The Federal Reserve just announced an emergency interest rate cut of 0.5% in response to the growing economic uncertainty surrounding last week’s coronavirus correction on U.S. stock markets.

It is the first such emergency cut to its benchmark interest rate since the Great Recession and the move of course sent stocks shooting upward shortly after the opening bell this morning — before they then crashed back down. After rising into the black, as off 11:40 a.m. EST, shortly after Fed Chair Jerome Powell spoke to the media, the Dow Jones is down 397 points, or 1.5%, the S&P 500 is down 1.3% and the Nasdaq 1.2%.

The benchmark interest rate is now between 1% and 1.25% after the new cut and three 0.25% cuts in 2019, which were the first since 2008.

The move comes after last week’s massive losses on Wall Street, which saw the Dow lose nearly 3,500 points, or 12%, including its single-worst trading day in history on Feb. 27 when it cratered 1,192 points.

All Dow stocks ended the week down more than 10%, which is an official correction. The S&P 500 also saw big losses totaling nearly $3.6 trillion including a 4.4% decline on Feb. 27. It was the fastest decline from a record close into a correction in history outside of a one-day flash crash.

Markets rebounded Monday of this week with all three major U.S. indexes climbing at least 4.5% and the Dow rising 5.1%.

However, there is still a lot of fear regarding the coronavirus correction, hence the emergency rate cut.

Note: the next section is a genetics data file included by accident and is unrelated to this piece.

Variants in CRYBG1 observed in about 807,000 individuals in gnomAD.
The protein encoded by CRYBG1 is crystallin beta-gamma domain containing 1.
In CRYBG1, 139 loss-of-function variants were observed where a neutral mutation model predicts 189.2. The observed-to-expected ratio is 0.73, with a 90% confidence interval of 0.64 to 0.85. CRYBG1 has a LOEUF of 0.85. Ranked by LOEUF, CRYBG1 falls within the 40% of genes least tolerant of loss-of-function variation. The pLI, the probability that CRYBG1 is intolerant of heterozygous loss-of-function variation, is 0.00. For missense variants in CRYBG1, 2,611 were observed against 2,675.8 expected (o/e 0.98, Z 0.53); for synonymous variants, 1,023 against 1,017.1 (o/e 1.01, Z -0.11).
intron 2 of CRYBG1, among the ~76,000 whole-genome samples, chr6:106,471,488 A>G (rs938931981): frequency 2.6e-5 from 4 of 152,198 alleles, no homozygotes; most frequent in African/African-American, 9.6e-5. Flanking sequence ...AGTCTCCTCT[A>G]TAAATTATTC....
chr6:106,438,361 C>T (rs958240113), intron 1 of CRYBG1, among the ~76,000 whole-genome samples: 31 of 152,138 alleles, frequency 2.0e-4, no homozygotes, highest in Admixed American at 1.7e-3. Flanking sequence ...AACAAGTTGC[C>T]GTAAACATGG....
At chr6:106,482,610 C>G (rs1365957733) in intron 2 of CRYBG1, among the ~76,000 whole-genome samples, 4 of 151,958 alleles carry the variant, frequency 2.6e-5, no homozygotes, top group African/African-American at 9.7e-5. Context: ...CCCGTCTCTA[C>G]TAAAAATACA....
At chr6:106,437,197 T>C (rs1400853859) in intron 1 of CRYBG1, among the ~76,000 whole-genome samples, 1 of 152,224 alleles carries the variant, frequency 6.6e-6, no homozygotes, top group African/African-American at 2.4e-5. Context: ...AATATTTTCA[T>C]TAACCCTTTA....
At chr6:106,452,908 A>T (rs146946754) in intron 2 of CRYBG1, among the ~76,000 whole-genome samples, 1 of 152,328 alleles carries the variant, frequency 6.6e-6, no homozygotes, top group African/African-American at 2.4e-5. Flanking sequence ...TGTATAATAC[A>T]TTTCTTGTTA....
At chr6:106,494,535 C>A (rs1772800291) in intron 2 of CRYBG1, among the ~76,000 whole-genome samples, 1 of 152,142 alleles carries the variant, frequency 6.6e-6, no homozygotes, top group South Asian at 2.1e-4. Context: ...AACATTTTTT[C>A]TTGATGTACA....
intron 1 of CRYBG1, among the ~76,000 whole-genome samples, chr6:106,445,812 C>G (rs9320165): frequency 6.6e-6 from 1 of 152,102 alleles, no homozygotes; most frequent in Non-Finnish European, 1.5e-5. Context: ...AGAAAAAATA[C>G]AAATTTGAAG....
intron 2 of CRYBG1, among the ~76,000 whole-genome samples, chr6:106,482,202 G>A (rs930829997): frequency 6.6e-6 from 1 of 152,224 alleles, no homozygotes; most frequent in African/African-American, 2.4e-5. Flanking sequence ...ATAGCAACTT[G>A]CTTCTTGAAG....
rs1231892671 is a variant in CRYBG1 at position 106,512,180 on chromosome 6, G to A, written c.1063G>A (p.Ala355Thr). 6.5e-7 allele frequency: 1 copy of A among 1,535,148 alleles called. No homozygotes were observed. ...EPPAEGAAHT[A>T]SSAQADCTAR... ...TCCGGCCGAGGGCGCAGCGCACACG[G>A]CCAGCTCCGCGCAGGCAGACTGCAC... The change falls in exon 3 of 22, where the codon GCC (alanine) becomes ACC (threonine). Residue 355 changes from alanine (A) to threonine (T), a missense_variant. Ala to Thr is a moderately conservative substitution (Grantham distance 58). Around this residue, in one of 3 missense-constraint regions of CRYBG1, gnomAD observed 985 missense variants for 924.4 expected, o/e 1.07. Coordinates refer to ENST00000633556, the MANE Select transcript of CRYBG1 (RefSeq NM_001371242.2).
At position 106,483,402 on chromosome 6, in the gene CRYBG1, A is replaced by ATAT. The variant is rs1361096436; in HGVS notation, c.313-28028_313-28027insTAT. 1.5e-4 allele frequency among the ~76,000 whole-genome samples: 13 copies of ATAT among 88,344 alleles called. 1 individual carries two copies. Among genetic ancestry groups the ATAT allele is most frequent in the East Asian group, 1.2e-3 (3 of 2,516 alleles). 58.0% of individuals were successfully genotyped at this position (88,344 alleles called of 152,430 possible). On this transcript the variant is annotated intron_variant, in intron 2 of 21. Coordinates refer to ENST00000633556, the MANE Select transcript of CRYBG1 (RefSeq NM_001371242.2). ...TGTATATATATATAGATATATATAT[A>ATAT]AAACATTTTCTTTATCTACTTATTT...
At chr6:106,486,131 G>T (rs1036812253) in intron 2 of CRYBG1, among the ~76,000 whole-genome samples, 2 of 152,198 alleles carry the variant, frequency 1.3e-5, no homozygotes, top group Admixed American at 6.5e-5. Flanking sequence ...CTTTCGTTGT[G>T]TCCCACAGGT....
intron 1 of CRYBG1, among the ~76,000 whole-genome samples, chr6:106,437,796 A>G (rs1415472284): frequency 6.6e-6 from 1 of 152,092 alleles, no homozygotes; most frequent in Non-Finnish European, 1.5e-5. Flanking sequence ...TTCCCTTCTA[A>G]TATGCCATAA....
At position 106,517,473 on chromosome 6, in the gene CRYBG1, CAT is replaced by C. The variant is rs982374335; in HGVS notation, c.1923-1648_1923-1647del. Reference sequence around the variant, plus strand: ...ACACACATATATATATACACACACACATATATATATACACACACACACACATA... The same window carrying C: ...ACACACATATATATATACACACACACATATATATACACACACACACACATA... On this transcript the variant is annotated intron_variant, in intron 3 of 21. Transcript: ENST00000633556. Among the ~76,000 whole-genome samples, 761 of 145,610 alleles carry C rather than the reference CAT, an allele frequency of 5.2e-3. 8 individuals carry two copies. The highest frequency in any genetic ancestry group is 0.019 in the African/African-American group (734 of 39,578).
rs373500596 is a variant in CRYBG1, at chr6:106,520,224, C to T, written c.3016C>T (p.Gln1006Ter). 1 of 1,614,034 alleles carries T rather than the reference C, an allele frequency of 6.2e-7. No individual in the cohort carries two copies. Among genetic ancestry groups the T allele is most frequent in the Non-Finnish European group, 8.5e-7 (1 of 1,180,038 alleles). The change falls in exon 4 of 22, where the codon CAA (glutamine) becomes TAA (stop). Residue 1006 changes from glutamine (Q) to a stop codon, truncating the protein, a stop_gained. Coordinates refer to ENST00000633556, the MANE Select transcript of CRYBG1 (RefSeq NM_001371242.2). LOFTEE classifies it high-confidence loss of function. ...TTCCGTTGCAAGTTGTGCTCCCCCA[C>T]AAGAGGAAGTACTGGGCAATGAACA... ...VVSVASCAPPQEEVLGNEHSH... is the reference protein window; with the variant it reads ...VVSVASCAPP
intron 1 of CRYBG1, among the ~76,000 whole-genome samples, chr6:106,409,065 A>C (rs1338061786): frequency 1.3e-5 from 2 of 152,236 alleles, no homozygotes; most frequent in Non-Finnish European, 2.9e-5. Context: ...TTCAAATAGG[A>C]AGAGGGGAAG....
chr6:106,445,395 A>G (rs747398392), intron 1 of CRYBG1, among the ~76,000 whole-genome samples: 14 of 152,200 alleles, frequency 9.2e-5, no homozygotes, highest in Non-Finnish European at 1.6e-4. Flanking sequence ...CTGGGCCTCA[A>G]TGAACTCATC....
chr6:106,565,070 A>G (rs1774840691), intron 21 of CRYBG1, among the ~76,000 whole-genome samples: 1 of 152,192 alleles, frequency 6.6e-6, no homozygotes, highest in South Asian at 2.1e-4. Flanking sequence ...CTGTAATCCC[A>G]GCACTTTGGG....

“The coronavirus poses evolving risks to economic activity,” a Federal Reserve statement reads. “In light of these risks and in support of achieving its maximum employment and price stability goals, the Federal Open Market Committee decided today to lower the target range for the federal funds rate.”

Treasury Secretary Steven Mnuchin said “I applaud the Fed on this move,” but it wasn’t enough for President Donald Trump, who called on the Fed to cut further and ease.

Of course, Wall Street had already priced in a rate cut and there is a good chance the Fed could drop rates all the way to zero by the end of the year.

“The committee obviously decided not to wait for things to deteriorate — I think they know as we all should that the headlines over the next few days are likely to be alarming as they pertain to the spread of the virus,” AllianceBernstein senior economist Eric Winograd told CNBC. “The Fed obviously cannot address the virus itself by cutting rates, but they can hope to short circuit the potential for a negative response in financial markets that could make the economic impact of the virus even worse.”

The Fed cutting rates is seen as a good start by some, but of course cutting rates doesn’t mean people will all of a sudden start traveling and spending money. Quite the opposite, in fact, as the coronavirus continues to spread.

Economist and Euro Pacific Capital CEO Peter Schiff took to Twitter to share his thoughts on the matter, and he thinks things are only going to get worse.

Read the Federal Reserve’s full statement here: